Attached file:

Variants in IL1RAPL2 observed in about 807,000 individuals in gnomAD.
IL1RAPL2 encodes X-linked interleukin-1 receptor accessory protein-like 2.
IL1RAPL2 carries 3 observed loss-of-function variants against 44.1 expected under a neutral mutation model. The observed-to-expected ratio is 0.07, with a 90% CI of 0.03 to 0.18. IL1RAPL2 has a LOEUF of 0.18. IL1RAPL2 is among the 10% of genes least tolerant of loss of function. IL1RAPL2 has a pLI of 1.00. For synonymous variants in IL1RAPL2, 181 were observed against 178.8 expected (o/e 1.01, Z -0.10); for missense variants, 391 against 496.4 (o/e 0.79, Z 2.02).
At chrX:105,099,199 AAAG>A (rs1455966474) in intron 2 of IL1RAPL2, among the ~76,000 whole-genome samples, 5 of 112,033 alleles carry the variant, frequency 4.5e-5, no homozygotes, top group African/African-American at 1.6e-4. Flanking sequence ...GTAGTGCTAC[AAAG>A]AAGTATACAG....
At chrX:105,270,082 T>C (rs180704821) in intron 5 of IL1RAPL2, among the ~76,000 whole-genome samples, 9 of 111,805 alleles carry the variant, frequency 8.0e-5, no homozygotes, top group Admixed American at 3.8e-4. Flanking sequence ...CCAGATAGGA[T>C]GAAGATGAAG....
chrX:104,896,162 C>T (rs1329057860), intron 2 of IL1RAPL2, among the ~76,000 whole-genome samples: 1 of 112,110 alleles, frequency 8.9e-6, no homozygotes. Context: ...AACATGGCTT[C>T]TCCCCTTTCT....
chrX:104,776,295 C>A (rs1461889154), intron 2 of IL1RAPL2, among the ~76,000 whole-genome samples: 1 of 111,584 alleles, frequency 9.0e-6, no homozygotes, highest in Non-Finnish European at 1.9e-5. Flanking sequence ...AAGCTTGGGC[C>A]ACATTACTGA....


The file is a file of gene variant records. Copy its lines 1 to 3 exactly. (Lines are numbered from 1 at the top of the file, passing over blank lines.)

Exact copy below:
Variants in IL1RAPL2 observed in about 807,000 individuals in gnomAD.
IL1RAPL2 encodes X-linked interleukin-1 receptor accessory protein-like 2.
IL1RAPL2 carries 3 observed loss-of-function variants against 44.1 expected under a neutral mutation model. The observed-to-expected ratio is 0.07, with a 90% CI of 0.03 to 0.18. IL1RAPL2 has a LOEUF of 0.18. IL1RAPL2 is among the 10% of genes least tolerant of loss of function. IL1RAPL2 has a pLI of 1.00. For synonymous variants in IL1RAPL2, 181 were observed against 178.8 expected (o/e 1.01, Z -0.10); for missense variants, 391 against 496.4 (o/e 0.79, Z 2.02).